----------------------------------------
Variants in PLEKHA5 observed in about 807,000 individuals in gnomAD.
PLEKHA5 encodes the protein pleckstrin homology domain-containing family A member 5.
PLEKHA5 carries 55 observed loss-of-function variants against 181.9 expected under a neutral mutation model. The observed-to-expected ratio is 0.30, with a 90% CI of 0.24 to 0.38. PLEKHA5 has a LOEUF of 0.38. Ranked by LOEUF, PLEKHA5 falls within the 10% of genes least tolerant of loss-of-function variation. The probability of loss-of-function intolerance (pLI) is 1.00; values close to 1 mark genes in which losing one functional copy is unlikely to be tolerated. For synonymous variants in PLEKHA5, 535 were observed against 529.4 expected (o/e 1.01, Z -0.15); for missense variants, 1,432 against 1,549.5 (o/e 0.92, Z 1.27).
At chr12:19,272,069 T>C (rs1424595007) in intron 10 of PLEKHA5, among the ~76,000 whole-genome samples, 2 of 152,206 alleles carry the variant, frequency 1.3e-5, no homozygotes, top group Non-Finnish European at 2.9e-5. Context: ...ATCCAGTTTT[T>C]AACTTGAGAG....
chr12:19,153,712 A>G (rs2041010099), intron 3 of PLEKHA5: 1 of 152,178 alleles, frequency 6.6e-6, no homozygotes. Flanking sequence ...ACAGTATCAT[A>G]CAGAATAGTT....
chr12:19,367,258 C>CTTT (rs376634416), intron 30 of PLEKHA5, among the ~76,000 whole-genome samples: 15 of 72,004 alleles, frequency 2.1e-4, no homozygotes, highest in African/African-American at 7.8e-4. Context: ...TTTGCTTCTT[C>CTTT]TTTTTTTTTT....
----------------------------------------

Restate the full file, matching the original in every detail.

Variants in PLEKHA5 observed in about 807,000 individuals in gnomAD.
PLEKHA5 encodes the protein pleckstrin homology domain-containing family A member 5.
PLEKHA5 carries 55 observed loss-of-function variants against 181.9 expected under a neutral mutation model. The observed-to-expected ratio is 0.30, with a 90% CI of 0.24 to 0.38. PLEKHA5 has a LOEUF of 0.38. Ranked by LOEUF, PLEKHA5 falls within the 10% of genes least tolerant of loss-of-function variation. The probability of loss-of-function intolerance (pLI) is 1.00; values close to 1 mark genes in which losing one functional copy is unlikely to be tolerated. For synonymous variants in PLEKHA5, 535 were observed against 529.4 expected (o/e 1.01, Z -0.15); for missense variants, 1,432 against 1,549.5 (o/e 0.92, Z 1.27).
At chr12:19,272,069 T>C (rs1424595007) in intron 10 of PLEKHA5, among the ~76,000 whole-genome samples, 2 of 152,206 alleles carry the variant, frequency 1.3e-5, no homozygotes, top group Non-Finnish European at 2.9e-5. Context: ...ATCCAGTTTT[T>C]AACTTGAGAG....
chr12:19,153,712 A>G (rs2041010099), intron 3 of PLEKHA5: 1 of 152,178 alleles, frequency 6.6e-6, no homozygotes. Flanking sequence ...ACAGTATCAT[A>G]CAGAATAGTT....
chr12:19,367,258 C>CTTT (rs376634416), intron 30 of PLEKHA5, among the ~76,000 whole-genome samples: 15 of 72,004 alleles, frequency 2.1e-4, no homozygotes, highest in African/African-American at 7.8e-4. Context: ...TTTGCTTCTT[C>CTTT]TTTTTTTTTT....